The hollow tip 162 has a recessed pocket 168 formed in a trailing end thereof which is adapted to receive and retain the end of an elongated magnetizable rod 170 which may be made out of any suitable soft metal. The rod 170 is flexible as are the fibers 154 so that the entire device can be inserted into a blood vessel without damaging the vessel.
The proximal end 172 of the rod which is positioned outside of the body of the patient during use of the device has a coil 174 wrapped therearound with the coil being connected to a source of DC current through a suitable switching system 176. The switching system is designed so that the direct current can be alternately passed through the coil in opposite directions thereby reversing the polarity of the rod.
The fibers 154 are provided with a paramagnetic substance such as a polymer so that they can be attracted to or repelled from the rod depending upon its magnetized polarity. The paramagnetic material can either be integrated directly into the material from which the fibers are made or it might be applied to the surface of the fibers as by spot painting at spaced locations 178 along the length of the fibers.
As will be appreciated, in operation of the device, when the rod 170 is magnetized in a first polarity, the fibers 154 are attracted thereto as shown in FIGS. 15 and 17 and when the polarity is reversed by throwing the switching system 176 in the opposite direction, the fibers are repelled as illustrated in FIGS. 14 and 16. As can be appreciated, alternate switching of the switching system causes the fibers to move inwardly and outwardly thereby preventing the blood from streaming past the oxygenator. In this manner, the fibers can be optimally presented to the blood to expose maximum surface area of the fibers for optimal cross-diffusion of the oxygen and CO2 gas. The operating parameters as relates to gas pressures and flow rates would preferably be the same as for the embodiment shown in FIGS. 11-13.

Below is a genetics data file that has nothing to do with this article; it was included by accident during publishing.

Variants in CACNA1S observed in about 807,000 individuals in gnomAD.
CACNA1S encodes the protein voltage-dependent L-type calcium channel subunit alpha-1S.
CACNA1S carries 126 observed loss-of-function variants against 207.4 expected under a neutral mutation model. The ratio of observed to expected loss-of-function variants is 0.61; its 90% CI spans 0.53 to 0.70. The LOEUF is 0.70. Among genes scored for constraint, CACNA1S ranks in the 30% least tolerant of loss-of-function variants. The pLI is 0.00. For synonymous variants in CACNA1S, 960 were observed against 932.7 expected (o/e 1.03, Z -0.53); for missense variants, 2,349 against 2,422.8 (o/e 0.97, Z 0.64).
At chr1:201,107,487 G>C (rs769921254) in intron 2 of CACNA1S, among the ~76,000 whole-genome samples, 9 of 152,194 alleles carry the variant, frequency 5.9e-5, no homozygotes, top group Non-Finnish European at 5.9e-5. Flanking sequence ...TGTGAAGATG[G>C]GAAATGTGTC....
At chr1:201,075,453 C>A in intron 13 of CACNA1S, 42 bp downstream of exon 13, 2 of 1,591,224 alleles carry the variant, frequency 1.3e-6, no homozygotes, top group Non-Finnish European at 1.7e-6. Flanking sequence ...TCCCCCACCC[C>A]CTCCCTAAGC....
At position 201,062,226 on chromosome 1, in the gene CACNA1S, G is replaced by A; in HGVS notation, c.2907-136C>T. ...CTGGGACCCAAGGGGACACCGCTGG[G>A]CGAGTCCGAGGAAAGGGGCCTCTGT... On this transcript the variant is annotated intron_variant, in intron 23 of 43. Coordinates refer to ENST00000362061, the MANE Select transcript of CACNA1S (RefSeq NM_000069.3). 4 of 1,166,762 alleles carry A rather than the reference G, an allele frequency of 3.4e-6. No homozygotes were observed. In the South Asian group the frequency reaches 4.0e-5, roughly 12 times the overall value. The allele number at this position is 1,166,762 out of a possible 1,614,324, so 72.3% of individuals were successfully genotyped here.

In an alternate embodiment which would be identical to the embodiment illustrated in FIGS. 14-17 except switching system would be modified, the rod would be alternately magnetized and demagnetized. The switching system would be arranged so that current could be passed through the coil or not whereby upon energization of the coil and thus magnetization of the rod, the fibers would be attracted to the rod but upon de-energization of the coil and thus demagnetization of the rod, the fibers would be allowed to free float in a natural state which resembles the orientation of the fibers as illustrated in FIG. 14. The operating parameters would not change from that used in connection with the embodiment of FIGS. 14-17.
Although the present invention has been described with a certain degree of particularity, it is understood that the present disclosure has been made by way of example, and changes in detail or structure may be made without department from the spirit of the invention, as defined in the appended claims.
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|International Classification||A61M1/14, A61M1/26, B01D65/08, A61M1/16, B01D63/02, B01D63/16|
|Cooperative Classification||B01D2313/34, B01D2313/90, A61M1/1678, A61M1/26, B01D63/16, B01D63/024, A61M1/1698, B01D2321/22, B01D65/08, B01D2321/2041|
|European Classification||B01D65/08, A61M1/16E, B01D63/02D, B01D63/16|
|May 17, 1994||CC||Certificate of correction|
|May 22, 1997||FPAY||Fee payment|
Year of fee payment: 4
|Jun 8, 2001||FPAY||Fee payment|
Year of fee payment: 8
|Aug 17, 2001||AS||Assignment|
|May 27, 2005||FPAY||Fee payment|
Year of fee payment: 12